And how does the US government view the hunger strikes?
When one persistent journalist (identified as “Said”) demanded, politely, that US State Department spokesperson, Victoria Nuland, answer a question about the Palestinian hunger strikes, this is how Nuland handled his query, according to the transcript from the State Department:
If, or when, a hunger striker dies in an Israeli prison, the US State Department will have an answer ready to go. It will express regret at the death and urge “all parties involved” to resolve their differences.
One “party” involved is the IDF, shown in action at the pictures above and below. In this picture, smoke makes it difficult to determine if the IDF vehicle is a Caterpillar product. Perhaps not, since it is smaller than the Caterpillar tractors that built the Wall, and continues to demolish Palestinian homes.
But there is no question that the battle between the rock-throwing teen aged Palestinians and their IDF enemy serves as a metaphor for a US and church supported occupation force and a defiant civilian population.
Karl-John N. Stone and Thomas A. Prinz have just written an article for The Christian Century magazine, “Invest, Not Divest” which argues just what the title suggests it would argue, a misguided solution which embraces a market faith rather than a religious faith.
Stone is assistant to the bishop in the Upper Susquehanna Synod (ELCA) in Lewisburg, Pennsylvania. Prinz is pastor at Holy Trinity Lutheran Church in Leesburg, Virginia. They ask:
Stone and Prinz close their argument for “hastening that political solution” with this bit of capitalist stock market cheer leading:
They conclude their market-driven argument:
Give our Lutheran brothers credit, they do offer us a choice between “a black-and-white concept of justice”, and “a model of empowerment and reconciliation”.
Prinz and Stone may think they are channeling Reinhold Niebuhr with that division. I suspect they are really channeling the Episcopal Church’s Presiding Bishop Katharine Jefferts Schori, who is quoted in their piece.
Speaking of quoting, there is no sign that Prinz and Stone discussed this matter with any Palestinians under occupation. They do cite the New York Times‘ quote from Fayez Husseini, manager of Abraaj Capital’s $50 million Palestine Growth Capital Fund. But that doesn’t count.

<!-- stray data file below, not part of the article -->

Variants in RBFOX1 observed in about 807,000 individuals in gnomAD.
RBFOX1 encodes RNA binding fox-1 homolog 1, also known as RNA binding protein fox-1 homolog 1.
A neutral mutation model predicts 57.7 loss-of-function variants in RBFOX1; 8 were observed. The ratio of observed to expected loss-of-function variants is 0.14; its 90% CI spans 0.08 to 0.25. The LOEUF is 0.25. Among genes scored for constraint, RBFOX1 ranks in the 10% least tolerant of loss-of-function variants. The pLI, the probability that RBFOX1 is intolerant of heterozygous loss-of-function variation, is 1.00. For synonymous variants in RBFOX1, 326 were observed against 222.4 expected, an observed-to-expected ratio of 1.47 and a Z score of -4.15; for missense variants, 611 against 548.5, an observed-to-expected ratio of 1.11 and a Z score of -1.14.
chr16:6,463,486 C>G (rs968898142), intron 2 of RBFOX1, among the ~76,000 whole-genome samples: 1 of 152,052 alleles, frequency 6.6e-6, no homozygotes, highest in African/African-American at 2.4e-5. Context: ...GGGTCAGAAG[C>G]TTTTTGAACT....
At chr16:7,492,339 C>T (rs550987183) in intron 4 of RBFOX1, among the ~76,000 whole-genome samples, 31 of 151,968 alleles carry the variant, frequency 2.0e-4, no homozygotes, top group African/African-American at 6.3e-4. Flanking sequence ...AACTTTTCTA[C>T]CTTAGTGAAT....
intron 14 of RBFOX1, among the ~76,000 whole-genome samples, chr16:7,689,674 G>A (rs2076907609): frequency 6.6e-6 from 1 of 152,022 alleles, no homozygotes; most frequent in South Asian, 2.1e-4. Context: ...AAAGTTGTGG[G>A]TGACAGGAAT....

Next time Prinz and Stone offer advice to Palestinians, they might want to talk with Palestinian Baptist pastor, Dr. Alex Awad, who told Methodists when they were debating their divestment resolution:
Journalism was Jim Wall’s undergraduate college major at Emory University, Atlanta, Georgia. He has earned two MA degrees, one from Emory, and one from the University of Chicago, both in religion. An ordained United Methodist clergy person; he and his wife, Mary Eleanor, are the parents of three sons, and the grandparents of four grandchildren. They live in Elmhurst, Illinois.
Jim served for two years on active duty in the US Air Force, and three additional years in the USAF (inactive) reserve. While serving with the Alaskan Command, he reached the rank of first lieutenant. He has worked as a sports writer for both the Atlanta Journal and Constitution, was editor of the United Methodist magazine, Christian Advocate for ten years, and editor and publisher of the Christian Century magazine for 27 years, starting in 1972. Time magazine wrote about the new editor, who arrived at the Christian Century determined to turn the magazine into a hard-hitting news publication. The inspiration for Wall Writings comes from that mindset and from many other sources that have influenced Jim’s writings over the years, including politics, cinema, media, American culture, and the political struggles in the Middle East. Jim has made more than 20 trips to that region as a journalist, during which he covered such events as Anwar Sadat’s 1977 trip to Jerusalem, and the 2006 Palestinian legislative election. He has interviewed, and written about, journalists, religious leaders, political leaders and private citizens in the region. You can write to Jim Wall at firstname.lastname@example.org. Visit Jim's Website: Wall Writings
Articles for May 12, 2012 | Articles for May 13, 2012 | Articles for May 14, 2012